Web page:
I understand that Mark H Durkan still hopes to introduce a private Member's Bill and to get it through all its stages in the remaining five days of the mandate. This Bill is the opposite. It is certainly not built for speed. It has been 3,106 days since Lord Black of Brentwood came to the Building to launch my consultation on the Defamation Bill. As this is the Bill's Final Stage, I thank him and some others. I thank the Lords Lexden and Empey for keeping the issue alive in the Palace of Westminster. I thank Jeff Dudgeon, Brian Garrett and Austen Morgan, who helped to shape the Bill, which, of course, flows from the Defamation Act 2013 in England and Wales. I thank the former members of the Northern Ireland Law Commission, particularly Judena Leslie and Dr Andrew Scott. Judena was chief executive, and Andrew was the academic who consulted deeply on the issue and then wrote the report that was published in 2016. I also thank Dr Mark Hanna from the school of law at Queen's University Belfast for his assistance recently.
I will not risk the wrath of the Speaker, who said in his written encouragement yesterday that it is not the norm for Members to name officials in the House. Therefore, there are about nine or 10 officials from the Bill Office, the Office of the Legislative Counsel (OLC) and the Department of Finance whom I will not name, but I thank them. I thank the Minister for allowing that engagement, which I found extremely useful. There is one official whom I particularly thank for his expert knowledge of the life and times of Kenny Rogers. That is an in-joke that you will have to ask him for an explanation for.
There have been a lot of developments over the past 102 months, including developments with regard to the passage of the Bill, not least at Consideration Stage, when the House decided that it did not wish to support my redefinition of the test of defamation as being one that caused serious harm. I accept the will of the Committee and the House in that regard. I also accept that Dr Scott, who has been monitoring the 2013 Act in England and Wales, has come to the conclusion that it has not delivered as was particularly intended.
Another development of late is the so-called SLAPP: the strategic lawsuit against public participation. SLAPPs have no legal definition at this stage, but, broadly, it is where somebody of wealth and potential influence brings forward a defamation case that, they understand, has absolutely no merit in law in order to frustrate publication that might be in the public interest. Given that the House has agreed, through the Bill, to place a duty on the Department to keep under review not only the workings of the Bill but developments in the realm of defamation, I hope that the Minister will confirm that SLAPPs will be part of that review.
The biggest impact of the 2013 Act in England and Wales — Dr Scott referred to this in his evidence to the Committee — is non-jury trials. It was described by Dr Scott in October of last year as having highly beneficial consequences. He said:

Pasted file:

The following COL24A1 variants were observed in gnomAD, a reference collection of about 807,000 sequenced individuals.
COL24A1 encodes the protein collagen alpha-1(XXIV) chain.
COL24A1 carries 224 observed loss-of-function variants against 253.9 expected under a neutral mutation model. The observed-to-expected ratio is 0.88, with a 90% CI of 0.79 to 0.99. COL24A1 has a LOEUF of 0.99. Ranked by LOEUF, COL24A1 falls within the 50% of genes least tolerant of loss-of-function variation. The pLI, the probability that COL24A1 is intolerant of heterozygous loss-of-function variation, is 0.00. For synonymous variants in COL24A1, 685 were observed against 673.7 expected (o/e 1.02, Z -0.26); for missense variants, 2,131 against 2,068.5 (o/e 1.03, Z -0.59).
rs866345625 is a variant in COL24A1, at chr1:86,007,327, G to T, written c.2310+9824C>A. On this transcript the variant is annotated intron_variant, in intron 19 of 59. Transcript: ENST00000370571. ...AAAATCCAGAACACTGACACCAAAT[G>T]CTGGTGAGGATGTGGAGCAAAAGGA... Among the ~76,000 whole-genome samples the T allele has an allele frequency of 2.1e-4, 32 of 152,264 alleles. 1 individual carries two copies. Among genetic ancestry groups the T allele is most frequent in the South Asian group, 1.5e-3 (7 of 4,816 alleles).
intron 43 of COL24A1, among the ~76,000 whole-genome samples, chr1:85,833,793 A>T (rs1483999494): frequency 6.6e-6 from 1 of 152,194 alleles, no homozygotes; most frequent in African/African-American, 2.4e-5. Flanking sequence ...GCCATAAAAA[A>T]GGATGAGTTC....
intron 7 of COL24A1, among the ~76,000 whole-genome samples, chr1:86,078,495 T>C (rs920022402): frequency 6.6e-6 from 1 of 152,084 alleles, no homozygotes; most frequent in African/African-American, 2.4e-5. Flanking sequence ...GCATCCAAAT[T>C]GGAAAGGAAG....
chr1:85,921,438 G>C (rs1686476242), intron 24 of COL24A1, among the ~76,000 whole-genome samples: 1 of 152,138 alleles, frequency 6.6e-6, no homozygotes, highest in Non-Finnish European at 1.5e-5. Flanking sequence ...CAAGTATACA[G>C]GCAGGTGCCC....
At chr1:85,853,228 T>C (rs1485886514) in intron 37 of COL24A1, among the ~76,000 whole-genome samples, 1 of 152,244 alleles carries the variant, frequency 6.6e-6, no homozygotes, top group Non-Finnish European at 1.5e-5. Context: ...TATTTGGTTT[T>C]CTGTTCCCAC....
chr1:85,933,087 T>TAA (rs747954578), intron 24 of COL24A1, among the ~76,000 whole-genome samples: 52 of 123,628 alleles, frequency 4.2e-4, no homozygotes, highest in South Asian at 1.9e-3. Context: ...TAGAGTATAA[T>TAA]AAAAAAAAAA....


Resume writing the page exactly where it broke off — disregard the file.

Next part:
"The importance of this change — the move to judge-only trials — cannot be overstated."
I hope that, in agreeing to remove the presumption of jury trials in this jurisdiction, we will make it speedier, more easily understood and less expensive for plaintiffs to take cases of defamation.
My biggest regret is that we are not doing anything about the internet, where reputations are trashed minute by minute if not second by second, but I understand that I have failed to persuade the House of my proposals. Again, I hope that that will be part of the review that the departmental officials in Finance will undertake over the next couple of years. We also look to what other jurisdictions will be doing in this area because it is not just an issue for us, and it is not just a national issue. It is an international issue with which it is very difficult to grapple.
Dr Scott said that my Bill was far from perfect and was not a panacea, but it was a decent first step in the right direction. That is how I commend it to the House today. I am pleased that, with the Bill, I have achieved, I think, two things. The first is, hopefully, getting defamation law on the statute book if the House agrees today. The second is getting the issue of defamation on our political agenda for the next mandate. I leave my remarks there.
I thank the Bill sponsor for his opening remarks and for the oral and written briefing information that was provided to the Committee during Committee Stage. I thank the Minister for the information that his officials provided to the Committee.
As was indicated during the Consideration Stage debate, it is to a Member's credit that they bring a private Member's Bill to the Assembly. It is a lengthy and demanding process, all 3,106 days of it, and it can prove to be quite testing for the Member involved. The issues in the Bill were certainly important and included free speech; a free press; the excesses of social media commentary; and the protection of reputation. The Bill underwent quite a lot of changes during its passage. I think that all Members will welcome the conversion of common law precedents into statute and the requirement for a further review of those matters. The removal of the presumption against jury trial for defamation actions was a little more controversial, but all the debates have been useful and illuminating and certainly helped to inform the Assembly's consideration of the Bill. I will conclude by congratulating Mike on what is likely to be a successful conclusion of this legislative journey.
I welcome the opportunity to contribute to the Final Stage debate on the Defamation Bill. From the outset, Sinn Féin has been clear that we wanted to see reform in the area of defamation, and a number of factors made that all the more pressing. First, we have all witnessed how online defamation has become a serious problem over the past number of years. Social media platforms are awash with anonymous trolls hiding behind fake profiles who wish to harm and defame others with impunity. Our current defamation laws date back to the 1990s, and it is clear that they are ineffectual in dealing with those issues. Secondly, England and Wales reformed their defamation laws in 2013, resulting in widely varying libel laws among jurisdictions. The fact that eight years have passed since the 2013 Act presented us with an opportunity to analyse those reforms and to see what has worked and what has not. Thirdly, two reports have been published that are relevant to the discussion. The first one is from Professor Andrew Scott, and the second is from the Irish Government and was released a number of weeks ago.